New-onset postoperative atrial fibrillation after isolated coronary artery bypass graft surgery and long-term survival.Circ Cardiovasc Qual Outcomes. 2009 May; 2(3):164-9.CC
The advancing age and generally increasing risk profile of patients receiving isolated coronary artery bypass graft (CABG) surgery is expected to raise incidence of new-onset postoperative atrial fibrillation (AFIB) resulting in potentially higher risk of adverse outcomes. In the early postoperative course, new-onset post-CABG AFIB is considered relatively easy to treat and is believed to have little impact on patients' long-term outcome. However, little has been done to determine the effect of new-onset post-CABG AFIB on long-term survival, and this relationship is unclear.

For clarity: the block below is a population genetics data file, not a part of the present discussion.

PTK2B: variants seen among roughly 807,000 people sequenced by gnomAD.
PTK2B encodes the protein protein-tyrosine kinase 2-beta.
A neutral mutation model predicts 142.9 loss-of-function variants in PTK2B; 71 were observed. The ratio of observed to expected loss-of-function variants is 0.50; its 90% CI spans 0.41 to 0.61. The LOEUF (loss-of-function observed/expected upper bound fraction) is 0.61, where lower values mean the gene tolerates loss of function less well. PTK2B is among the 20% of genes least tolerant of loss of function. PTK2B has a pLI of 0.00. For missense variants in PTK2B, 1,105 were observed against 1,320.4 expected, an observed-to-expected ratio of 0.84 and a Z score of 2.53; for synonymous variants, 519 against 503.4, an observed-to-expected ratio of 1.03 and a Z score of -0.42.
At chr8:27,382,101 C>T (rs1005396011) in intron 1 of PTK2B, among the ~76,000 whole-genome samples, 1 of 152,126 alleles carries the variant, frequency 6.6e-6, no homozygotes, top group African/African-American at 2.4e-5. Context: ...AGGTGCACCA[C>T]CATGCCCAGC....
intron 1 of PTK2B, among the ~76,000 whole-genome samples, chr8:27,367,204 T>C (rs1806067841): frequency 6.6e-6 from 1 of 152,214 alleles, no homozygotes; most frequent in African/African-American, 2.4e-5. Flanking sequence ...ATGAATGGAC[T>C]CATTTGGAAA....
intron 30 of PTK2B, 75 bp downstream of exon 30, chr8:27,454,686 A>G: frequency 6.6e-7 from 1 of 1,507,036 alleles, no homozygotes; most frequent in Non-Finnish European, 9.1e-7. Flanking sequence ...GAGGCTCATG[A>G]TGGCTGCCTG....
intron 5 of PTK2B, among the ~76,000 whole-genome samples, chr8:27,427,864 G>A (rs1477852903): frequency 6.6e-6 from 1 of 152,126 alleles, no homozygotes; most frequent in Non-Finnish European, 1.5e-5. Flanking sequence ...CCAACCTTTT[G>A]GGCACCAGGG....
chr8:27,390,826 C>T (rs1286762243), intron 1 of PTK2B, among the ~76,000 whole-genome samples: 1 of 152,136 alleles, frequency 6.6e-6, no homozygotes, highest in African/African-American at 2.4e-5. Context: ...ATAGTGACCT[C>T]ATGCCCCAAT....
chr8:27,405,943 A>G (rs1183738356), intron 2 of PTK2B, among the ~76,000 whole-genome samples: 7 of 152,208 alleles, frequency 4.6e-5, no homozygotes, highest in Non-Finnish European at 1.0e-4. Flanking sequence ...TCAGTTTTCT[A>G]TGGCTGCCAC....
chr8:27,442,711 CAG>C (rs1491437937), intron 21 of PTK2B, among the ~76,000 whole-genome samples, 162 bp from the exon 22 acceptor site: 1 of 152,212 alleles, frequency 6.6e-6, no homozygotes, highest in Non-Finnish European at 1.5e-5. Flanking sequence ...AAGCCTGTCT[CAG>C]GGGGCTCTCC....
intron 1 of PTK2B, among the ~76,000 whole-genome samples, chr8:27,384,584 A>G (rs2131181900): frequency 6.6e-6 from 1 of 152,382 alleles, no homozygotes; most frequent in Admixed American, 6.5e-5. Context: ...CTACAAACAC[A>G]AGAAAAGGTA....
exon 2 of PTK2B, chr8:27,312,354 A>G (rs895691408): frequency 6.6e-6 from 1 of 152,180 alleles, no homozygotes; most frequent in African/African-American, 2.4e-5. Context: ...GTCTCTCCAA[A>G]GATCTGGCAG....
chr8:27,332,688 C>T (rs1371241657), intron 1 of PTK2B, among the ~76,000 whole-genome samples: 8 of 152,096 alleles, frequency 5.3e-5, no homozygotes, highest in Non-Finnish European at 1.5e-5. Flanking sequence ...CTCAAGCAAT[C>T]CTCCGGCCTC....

METHODS AND RESULTS
Survival was assessed in a cohort of 6899 consecutive patients without preoperative AFIB who underwent isolated CABG at Baylor University Medical Center, Dallas, Tex, between January 1, 1997 and December 31, 2006; patients who died during CABG were excluded. Ten-year unadjusted survival was 52.3% (48.4%, 56.0%) for patients with new-onset postoperative AFIB and 69.4% (67.3%, 71.4%) for patients without it. A propensity-adjusted model controlling for risk factors identified by the Society of Thoracic Surgeons and other clinical/nonclinical details was used to investigate the association between new-onset AFIB post-CABG and long-term survival. After adjustment, new-onset AFIB post-CABG was significantly associated (hazard ratio, 1.29; 95% CI, 1.16, 1.45) with increased risk of death.
This study provides evidence that new-onset post-CABG AFIB is significantly associated with increased long-term risk of mortality independent of patient preoperative severity. After controlling for a comprehensive array of risk factors associated with post-CABG adverse outcomes, risk of long-term mortality in patients that developed new-onset post-CABG AFIB was 29% higher than in patients without it.